Is Limping an Emergency?
Limping is usually not an emergency unless …
A limping dog should get veterinary help immediately if there were
- a significant trauma
- fracture or dislocation
- severe swelling
- hot limbs
- or dragging of limbs
Limping is an emergency when accompanied by severe pain.
What causes limping
Limping always indicates pain or dysfunction of some kind.
Whether or not it is an emergency is a matter of degree.
For example, if your dog got hit by a car, fell from a great height, it is always an emergency. If your dog has been running and playing and suddenly starts screaming in pain and not putting any weight on a limb, it is an emergency.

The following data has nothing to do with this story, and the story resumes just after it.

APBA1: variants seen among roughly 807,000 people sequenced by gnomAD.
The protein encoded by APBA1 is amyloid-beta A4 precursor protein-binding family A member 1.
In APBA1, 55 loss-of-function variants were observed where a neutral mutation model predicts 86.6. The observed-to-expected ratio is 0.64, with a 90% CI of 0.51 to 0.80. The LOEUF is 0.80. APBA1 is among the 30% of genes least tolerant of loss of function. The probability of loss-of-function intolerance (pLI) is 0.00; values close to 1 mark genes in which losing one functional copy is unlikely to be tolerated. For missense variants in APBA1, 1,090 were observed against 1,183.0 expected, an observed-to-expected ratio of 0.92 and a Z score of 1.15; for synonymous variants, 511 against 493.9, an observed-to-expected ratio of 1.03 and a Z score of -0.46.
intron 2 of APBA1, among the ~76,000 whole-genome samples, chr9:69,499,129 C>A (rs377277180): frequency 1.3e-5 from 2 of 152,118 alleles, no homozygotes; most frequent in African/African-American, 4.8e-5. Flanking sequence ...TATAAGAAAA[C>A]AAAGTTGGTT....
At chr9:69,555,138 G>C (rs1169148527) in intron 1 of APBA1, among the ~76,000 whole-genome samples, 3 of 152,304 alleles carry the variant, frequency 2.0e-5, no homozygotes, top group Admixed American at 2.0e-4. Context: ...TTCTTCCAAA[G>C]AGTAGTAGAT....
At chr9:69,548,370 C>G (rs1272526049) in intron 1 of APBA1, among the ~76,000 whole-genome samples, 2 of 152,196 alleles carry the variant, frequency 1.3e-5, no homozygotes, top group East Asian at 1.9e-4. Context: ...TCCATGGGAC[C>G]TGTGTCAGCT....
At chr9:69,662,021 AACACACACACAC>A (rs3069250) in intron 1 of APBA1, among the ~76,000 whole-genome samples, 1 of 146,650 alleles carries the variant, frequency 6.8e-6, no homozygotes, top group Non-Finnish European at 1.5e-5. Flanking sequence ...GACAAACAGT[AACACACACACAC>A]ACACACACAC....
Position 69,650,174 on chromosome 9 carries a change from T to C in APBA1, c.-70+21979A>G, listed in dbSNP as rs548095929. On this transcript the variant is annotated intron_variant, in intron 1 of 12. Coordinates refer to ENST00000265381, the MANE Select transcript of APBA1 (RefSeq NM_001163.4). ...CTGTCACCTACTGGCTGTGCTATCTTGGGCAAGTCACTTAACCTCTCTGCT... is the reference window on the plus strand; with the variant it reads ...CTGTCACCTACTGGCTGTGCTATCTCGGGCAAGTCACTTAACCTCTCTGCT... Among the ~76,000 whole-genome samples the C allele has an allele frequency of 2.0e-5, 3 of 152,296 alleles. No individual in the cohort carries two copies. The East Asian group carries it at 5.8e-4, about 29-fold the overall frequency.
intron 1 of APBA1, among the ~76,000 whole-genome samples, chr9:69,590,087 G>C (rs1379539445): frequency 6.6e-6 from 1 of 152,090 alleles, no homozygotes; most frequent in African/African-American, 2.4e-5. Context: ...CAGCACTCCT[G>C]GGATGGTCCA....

Would you wait and see or would seek emergency care if you broke your leg?
With an injury painful enough to make you scream, would you wait and see or rush to the ER? The same logic applies when it comes to your dog.
Acute limping is more likely to be an emergency.
Keep in mind, though, that limping and limb pain that is getting worse instead of better could mean bone cancer. While not a true emergency per se, you want to have that diagnosed and treated as soon as possible.
Have I ever taken my dog to a vet for limping immediately?
Yes, I have. I have never had a case where we’d have to rush to an ER; our dogs have never had such a major trauma, for which I am thankful.
But there were a couple of occasions when we saw a vet with a limp the same day it happened or the next.
Why Is My Dog Limping? Causes of Lameness in Dogs—Symptoms To Watch For In Your Dog
First Aid for Limping Dogs